And You Thought You Couldn’t Batik

What you need:

  • 4 white linen or cotton scarves, prewashed
  • Colored dye, whatever color you prefer (you can use our organic processing (Just the Greens, Please) or buy premade dye from the store)
  • 1 lb Jacquard Batik Wax (beeswax also works)
  • Various household items you don’t mind waxing (thimble, toothpick, blocks, dice, etc)
  • Ruler (optional)
  • Tape
  • ¼ cup salt

What to do:

Note: You can also use silk scarves for batiking, but just make sure that the material you use will take the dye.

To begin, melt the wax and prepare dye according to the directions on the package.  While the wax is heating up, lay out your four scarves on a flat surface.  Tape corners down so that the scarves won’t move around while you are designing.  If you are doing this over a nice tabletop, we suggest laying out newspaper first so that the heat from the wax doesn’t leave marks on the wood.

Plan out your design using the shapes of the household items you’ve gathered; this is where the ruler may come in handy.  Whatever wax mark you make with the household item will be the part that is not dyed.  When the wax is hot and melted (note package directions) carefully dip the surface of the household item into the wax and then press the waxed household item onto the scarf.  For mine, I use a thimble to make small circles and the end of a toothpick to make small dots around the edges.  Make sure to reapply wax after each shape you make on the scarf.  The key here is to make sure the wax really soaks into the fabric, otherwise the dye will seep through the wax.  When you are finished making the design on each scarf, let the wax dry completely.  This should take about thirty minutes, depending on how much wax you used.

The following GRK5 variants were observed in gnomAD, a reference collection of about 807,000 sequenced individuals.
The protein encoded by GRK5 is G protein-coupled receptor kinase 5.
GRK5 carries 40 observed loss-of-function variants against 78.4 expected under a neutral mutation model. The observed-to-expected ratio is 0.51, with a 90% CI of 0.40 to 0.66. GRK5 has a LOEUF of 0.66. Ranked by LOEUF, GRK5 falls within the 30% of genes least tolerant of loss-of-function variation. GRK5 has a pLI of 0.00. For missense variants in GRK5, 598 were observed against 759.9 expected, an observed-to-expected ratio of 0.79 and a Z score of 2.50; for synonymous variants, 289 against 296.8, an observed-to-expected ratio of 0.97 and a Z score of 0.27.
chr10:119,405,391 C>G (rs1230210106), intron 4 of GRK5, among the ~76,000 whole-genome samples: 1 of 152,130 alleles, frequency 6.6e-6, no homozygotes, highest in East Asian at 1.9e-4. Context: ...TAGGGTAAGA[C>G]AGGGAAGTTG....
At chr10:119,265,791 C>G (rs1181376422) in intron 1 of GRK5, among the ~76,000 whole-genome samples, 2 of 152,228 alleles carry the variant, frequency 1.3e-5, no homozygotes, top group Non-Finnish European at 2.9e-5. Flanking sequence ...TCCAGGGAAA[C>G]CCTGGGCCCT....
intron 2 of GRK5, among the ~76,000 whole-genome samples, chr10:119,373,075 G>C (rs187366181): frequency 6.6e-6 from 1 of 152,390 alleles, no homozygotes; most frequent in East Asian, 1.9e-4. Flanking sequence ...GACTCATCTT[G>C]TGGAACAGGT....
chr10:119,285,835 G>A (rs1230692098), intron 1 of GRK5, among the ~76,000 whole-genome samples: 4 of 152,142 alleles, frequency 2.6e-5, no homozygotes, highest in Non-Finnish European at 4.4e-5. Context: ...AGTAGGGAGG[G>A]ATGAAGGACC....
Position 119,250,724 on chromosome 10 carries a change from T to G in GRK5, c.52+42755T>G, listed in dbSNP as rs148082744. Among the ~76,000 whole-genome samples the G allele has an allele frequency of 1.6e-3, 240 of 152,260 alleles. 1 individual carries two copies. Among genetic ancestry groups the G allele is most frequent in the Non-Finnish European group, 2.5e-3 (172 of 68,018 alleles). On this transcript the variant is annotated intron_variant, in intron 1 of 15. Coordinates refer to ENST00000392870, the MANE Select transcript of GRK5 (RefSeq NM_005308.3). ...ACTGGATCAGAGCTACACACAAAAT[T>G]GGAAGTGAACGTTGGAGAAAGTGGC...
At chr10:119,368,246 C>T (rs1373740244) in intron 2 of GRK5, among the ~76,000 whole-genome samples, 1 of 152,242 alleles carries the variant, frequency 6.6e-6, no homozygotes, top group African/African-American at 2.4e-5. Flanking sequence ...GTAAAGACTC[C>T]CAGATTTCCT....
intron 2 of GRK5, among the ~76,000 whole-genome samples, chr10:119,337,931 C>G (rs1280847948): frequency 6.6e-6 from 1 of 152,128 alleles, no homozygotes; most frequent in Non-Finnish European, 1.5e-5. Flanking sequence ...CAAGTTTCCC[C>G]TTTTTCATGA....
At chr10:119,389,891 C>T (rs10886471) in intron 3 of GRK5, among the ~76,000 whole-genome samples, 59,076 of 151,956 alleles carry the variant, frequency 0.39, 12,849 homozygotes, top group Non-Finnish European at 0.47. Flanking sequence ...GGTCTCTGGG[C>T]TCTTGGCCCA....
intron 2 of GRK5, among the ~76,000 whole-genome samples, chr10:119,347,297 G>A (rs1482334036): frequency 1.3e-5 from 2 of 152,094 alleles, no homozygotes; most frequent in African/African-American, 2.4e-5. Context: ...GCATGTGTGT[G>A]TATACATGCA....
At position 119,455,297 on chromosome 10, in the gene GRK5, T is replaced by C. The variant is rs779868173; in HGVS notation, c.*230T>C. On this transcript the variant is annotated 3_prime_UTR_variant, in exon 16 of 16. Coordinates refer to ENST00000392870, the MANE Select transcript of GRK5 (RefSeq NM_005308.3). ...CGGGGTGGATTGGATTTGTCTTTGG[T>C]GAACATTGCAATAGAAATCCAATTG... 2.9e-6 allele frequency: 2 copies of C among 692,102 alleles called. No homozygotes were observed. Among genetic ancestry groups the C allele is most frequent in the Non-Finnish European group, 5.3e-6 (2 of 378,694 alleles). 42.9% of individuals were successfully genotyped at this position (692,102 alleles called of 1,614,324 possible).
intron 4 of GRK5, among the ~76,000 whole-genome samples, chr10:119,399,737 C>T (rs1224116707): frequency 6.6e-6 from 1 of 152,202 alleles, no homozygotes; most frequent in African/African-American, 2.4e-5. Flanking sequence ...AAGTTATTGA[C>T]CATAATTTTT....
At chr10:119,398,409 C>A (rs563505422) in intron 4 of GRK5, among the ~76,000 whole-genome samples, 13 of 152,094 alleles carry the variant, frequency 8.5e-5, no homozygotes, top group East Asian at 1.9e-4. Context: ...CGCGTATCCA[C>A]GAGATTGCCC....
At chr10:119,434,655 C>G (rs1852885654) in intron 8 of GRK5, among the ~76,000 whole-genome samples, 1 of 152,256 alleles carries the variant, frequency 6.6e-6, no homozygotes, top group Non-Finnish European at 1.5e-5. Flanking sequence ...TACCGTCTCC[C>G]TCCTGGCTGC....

When wax is dry, dye each scarf according to directions on package.  When you are done soaking the fabric in the dye, ring out and let it air dry.

Now it’s time to remove that wax and see your beautiful design! There are a variety of methods to peeling off the wax.  We typically go for the ice method.  Submerge your scarves in ice-cold water.  Let it soak for five minutes or so and then peel the wax off.  This way you can reuse the wax for your next batiking project.  If this does not work try filling a large pot with hot soapy water (hand soap, not detergent).  Let the pot of water cool and then peel wax.  Give it a quick wash with the salt in your washing machine (you can also hand wash) to fix the dye and you are good to go!

Story:
During my study abroad in Italy, I was so disappointed that I didn’t take the batiking class offered at my program in Florence.  My too-cute- for-words friend, Paige, would always finish out the week with all these beautiful scarves.  Years later, I was so excited to find that I could do it by myself at home…just make sure to be careful of that hot wax!  -Stephania


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